The "Rodney Dangerfields" of the mutual fund world over the past number of years, receiving little respect, money market funds, once again, are finally having their day in the sun, the Sun-Sentinel reports.

Boosted by the Federal Reserve's increases in the short-term rate over the past 20 months and the anticipation that the Fed will continue to increase rates, many money market funds now sport yields of 4% or more -- close to the 4.5% return of two-year bonds, the 4.7% return of 30-year bonds and the 4.8% that the Standard & Poor's 500 Index returned in 2005.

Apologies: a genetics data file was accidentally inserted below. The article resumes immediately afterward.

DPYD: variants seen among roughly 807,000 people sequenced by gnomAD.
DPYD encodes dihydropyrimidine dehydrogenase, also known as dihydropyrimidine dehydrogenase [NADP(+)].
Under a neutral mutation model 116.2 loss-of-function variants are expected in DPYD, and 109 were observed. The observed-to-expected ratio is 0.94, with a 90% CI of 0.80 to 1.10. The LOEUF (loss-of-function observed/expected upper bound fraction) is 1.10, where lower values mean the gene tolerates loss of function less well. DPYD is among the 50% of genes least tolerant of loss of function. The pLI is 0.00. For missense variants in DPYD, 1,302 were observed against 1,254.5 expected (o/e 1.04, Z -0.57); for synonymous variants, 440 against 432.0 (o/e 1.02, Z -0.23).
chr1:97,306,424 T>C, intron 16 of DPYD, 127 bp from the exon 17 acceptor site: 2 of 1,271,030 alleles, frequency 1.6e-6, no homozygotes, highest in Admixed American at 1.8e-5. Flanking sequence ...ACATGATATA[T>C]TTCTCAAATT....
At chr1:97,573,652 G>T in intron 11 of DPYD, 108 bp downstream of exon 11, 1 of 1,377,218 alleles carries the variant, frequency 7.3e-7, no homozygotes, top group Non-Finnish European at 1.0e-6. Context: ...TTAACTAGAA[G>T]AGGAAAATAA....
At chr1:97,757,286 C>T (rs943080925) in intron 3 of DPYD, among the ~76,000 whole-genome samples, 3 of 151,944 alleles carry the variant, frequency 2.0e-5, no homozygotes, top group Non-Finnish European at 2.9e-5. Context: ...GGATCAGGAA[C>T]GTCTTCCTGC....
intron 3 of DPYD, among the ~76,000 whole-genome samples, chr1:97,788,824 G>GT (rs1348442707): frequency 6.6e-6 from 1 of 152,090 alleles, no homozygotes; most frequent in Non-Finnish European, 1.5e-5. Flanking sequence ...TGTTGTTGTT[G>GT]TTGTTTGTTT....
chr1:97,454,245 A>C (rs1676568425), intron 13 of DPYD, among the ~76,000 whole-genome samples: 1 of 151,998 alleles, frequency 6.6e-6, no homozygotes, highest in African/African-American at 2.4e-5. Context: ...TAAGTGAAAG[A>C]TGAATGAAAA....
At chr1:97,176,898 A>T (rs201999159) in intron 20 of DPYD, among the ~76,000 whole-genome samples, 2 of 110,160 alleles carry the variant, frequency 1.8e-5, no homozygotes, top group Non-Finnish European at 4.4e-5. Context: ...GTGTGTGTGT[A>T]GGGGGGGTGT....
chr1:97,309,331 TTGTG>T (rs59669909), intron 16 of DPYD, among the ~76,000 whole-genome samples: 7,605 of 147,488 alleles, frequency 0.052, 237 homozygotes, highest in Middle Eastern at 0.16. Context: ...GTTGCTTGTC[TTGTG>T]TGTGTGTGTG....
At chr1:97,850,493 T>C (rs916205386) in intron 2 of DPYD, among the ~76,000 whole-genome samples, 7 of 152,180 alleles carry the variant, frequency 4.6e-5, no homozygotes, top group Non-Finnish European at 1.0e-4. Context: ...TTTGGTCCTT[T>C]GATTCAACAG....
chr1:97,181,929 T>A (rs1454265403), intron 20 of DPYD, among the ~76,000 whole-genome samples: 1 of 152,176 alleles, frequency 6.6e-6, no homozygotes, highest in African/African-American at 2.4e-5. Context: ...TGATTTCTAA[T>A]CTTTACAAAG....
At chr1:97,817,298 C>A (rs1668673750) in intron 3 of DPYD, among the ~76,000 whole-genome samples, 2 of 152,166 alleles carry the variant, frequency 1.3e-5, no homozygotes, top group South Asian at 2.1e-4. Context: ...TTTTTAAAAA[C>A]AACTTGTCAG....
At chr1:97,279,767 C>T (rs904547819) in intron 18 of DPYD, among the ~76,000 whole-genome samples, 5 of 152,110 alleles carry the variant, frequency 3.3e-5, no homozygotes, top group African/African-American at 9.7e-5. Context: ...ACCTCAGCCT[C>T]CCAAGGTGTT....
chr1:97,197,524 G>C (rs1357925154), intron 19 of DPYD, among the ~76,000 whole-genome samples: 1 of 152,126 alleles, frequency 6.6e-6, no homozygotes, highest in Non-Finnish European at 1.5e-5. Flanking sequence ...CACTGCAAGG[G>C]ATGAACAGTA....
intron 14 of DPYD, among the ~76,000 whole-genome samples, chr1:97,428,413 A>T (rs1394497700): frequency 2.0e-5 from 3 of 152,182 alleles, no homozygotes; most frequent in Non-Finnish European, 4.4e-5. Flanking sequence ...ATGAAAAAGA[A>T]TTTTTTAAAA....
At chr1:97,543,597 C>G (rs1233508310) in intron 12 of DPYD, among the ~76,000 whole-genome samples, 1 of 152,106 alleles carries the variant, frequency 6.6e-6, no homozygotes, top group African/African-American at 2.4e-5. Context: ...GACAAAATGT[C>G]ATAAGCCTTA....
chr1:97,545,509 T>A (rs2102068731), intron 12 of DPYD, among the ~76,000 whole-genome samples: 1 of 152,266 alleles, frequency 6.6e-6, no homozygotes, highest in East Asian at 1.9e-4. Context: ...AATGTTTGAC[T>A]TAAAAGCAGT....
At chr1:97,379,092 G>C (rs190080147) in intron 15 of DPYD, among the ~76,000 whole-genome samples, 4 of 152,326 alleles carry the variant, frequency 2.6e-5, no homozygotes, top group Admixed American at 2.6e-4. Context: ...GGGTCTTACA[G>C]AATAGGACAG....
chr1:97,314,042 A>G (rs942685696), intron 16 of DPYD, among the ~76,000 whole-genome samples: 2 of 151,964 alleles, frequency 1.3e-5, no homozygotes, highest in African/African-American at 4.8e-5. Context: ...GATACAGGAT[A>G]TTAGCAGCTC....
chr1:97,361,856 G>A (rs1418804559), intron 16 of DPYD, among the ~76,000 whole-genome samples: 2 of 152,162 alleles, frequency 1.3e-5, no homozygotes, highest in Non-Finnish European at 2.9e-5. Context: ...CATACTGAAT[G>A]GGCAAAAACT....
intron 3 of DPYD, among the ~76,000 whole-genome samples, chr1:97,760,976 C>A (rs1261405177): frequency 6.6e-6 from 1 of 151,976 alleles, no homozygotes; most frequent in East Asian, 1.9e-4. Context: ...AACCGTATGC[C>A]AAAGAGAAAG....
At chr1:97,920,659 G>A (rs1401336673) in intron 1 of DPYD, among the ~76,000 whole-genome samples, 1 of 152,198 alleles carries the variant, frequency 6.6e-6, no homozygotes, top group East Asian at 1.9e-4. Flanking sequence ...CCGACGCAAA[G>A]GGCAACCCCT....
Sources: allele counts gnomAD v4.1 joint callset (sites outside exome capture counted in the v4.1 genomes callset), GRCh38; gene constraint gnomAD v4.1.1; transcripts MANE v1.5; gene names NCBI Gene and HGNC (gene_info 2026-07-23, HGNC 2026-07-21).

In the 1980s and the 1990s, as the stock market zoomed, money market funds were derided as "cash is trash." Then, during the bear market of 2000-2003, with the Fed cutting the overnight bank rate to 1%, the yields on money market funds shrank to even less than that.

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